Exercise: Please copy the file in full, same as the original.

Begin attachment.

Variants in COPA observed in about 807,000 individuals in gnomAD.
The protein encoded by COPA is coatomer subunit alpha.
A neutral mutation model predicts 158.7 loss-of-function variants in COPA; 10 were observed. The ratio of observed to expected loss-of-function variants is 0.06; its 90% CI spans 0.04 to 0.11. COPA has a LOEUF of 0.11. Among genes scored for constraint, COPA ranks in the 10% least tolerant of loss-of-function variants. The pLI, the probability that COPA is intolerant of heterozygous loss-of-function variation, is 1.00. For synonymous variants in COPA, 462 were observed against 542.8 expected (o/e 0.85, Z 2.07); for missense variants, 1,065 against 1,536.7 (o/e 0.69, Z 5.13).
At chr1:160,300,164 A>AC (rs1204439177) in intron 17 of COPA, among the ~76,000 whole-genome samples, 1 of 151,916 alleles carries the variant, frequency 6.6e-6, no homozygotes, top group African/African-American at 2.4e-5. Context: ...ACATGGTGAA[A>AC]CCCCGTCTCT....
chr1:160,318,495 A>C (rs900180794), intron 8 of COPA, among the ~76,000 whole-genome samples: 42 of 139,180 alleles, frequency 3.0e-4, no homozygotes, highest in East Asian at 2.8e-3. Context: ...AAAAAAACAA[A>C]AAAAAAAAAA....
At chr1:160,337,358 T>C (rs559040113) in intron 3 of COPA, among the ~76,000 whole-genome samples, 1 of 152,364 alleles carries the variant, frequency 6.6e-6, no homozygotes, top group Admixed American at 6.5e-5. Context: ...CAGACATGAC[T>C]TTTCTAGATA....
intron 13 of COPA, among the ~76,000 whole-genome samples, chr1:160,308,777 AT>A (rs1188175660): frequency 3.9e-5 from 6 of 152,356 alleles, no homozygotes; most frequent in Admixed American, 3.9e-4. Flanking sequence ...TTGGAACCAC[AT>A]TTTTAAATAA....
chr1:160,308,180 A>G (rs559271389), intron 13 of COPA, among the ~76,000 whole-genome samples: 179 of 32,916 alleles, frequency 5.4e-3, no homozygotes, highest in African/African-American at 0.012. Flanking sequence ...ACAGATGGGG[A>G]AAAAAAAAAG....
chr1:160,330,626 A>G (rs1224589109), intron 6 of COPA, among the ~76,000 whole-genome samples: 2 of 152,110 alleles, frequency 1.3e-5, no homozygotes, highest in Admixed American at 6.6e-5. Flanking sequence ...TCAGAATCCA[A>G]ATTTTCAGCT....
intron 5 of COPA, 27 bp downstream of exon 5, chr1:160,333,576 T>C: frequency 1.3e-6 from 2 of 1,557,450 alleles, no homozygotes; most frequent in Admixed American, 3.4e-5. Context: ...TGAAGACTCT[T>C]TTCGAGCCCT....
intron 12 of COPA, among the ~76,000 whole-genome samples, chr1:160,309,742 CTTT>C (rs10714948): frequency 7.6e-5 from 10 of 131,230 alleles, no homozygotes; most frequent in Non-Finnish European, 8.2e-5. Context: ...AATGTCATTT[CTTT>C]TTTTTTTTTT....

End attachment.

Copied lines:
Variants in COPA observed in about 807,000 individuals in gnomAD.
The protein encoded by COPA is coatomer subunit alpha.
A neutral mutation model predicts 158.7 loss-of-function variants in COPA; 10 were observed. The ratio of observed to expected loss-of-function variants is 0.06; its 90% CI spans 0.04 to 0.11. COPA has a LOEUF of 0.11. Among genes scored for constraint, COPA ranks in the 10% least tolerant of loss-of-function variants. The pLI, the probability that COPA is intolerant of heterozygous loss-of-function variation, is 1.00. For synonymous variants in COPA, 462 were observed against 542.8 expected (o/e 0.85, Z 2.07); for missense variants, 1,065 against 1,536.7 (o/e 0.69, Z 5.13).
At chr1:160,300,164 A>AC (rs1204439177) in intron 17 of COPA, among the ~76,000 whole-genome samples, 1 of 151,916 alleles carries the variant, frequency 6.6e-6, no homozygotes, top group African/African-American at 2.4e-5. Context: ...ACATGGTGAA[A>AC]CCCCGTCTCT....
chr1:160,318,495 A>C (rs900180794), intron 8 of COPA, among the ~76,000 whole-genome samples: 42 of 139,180 alleles, frequency 3.0e-4, no homozygotes, highest in East Asian at 2.8e-3. Context: ...AAAAAAACAA[A>C]AAAAAAAAAA....
At chr1:160,337,358 T>C (rs559040113) in intron 3 of COPA, among the ~76,000 whole-genome samples, 1 of 152,364 alleles carries the variant, frequency 6.6e-6, no homozygotes, top group Admixed American at 6.5e-5. Context: ...CAGACATGAC[T>C]TTTCTAGATA....
intron 13 of COPA, among the ~76,000 whole-genome samples, chr1:160,308,777 AT>A (rs1188175660): frequency 3.9e-5 from 6 of 152,356 alleles, no homozygotes; most frequent in Admixed American, 3.9e-4. Flanking sequence ...TTGGAACCAC[AT>A]TTTTAAATAA....
chr1:160,308,180 A>G (rs559271389), intron 13 of COPA, among the ~76,000 whole-genome samples: 179 of 32,916 alleles, frequency 5.4e-3, no homozygotes, highest in African/African-American at 0.012. Flanking sequence ...ACAGATGGGG[A>G]AAAAAAAAAG....
chr1:160,330,626 A>G (rs1224589109), intron 6 of COPA, among the ~76,000 whole-genome samples: 2 of 152,110 alleles, frequency 1.3e-5, no homozygotes, highest in Admixed American at 6.6e-5. Flanking sequence ...TCAGAATCCA[A>G]ATTTTCAGCT....
intron 5 of COPA, 27 bp downstream of exon 5, chr1:160,333,576 T>C: frequency 1.3e-6 from 2 of 1,557,450 alleles, no homozygotes; most frequent in Admixed American, 3.4e-5. Context: ...TGAAGACTCT[T>C]TTCGAGCCCT....
intron 12 of COPA, among the ~76,000 whole-genome samples, chr1:160,309,742 CTTT>C (rs10714948): frequency 7.6e-5 from 10 of 131,230 alleles, no homozygotes; most frequent in Non-Finnish European, 8.2e-5. Context: ...AATGTCATTT[CTTT>C]TTTTTTTTTT....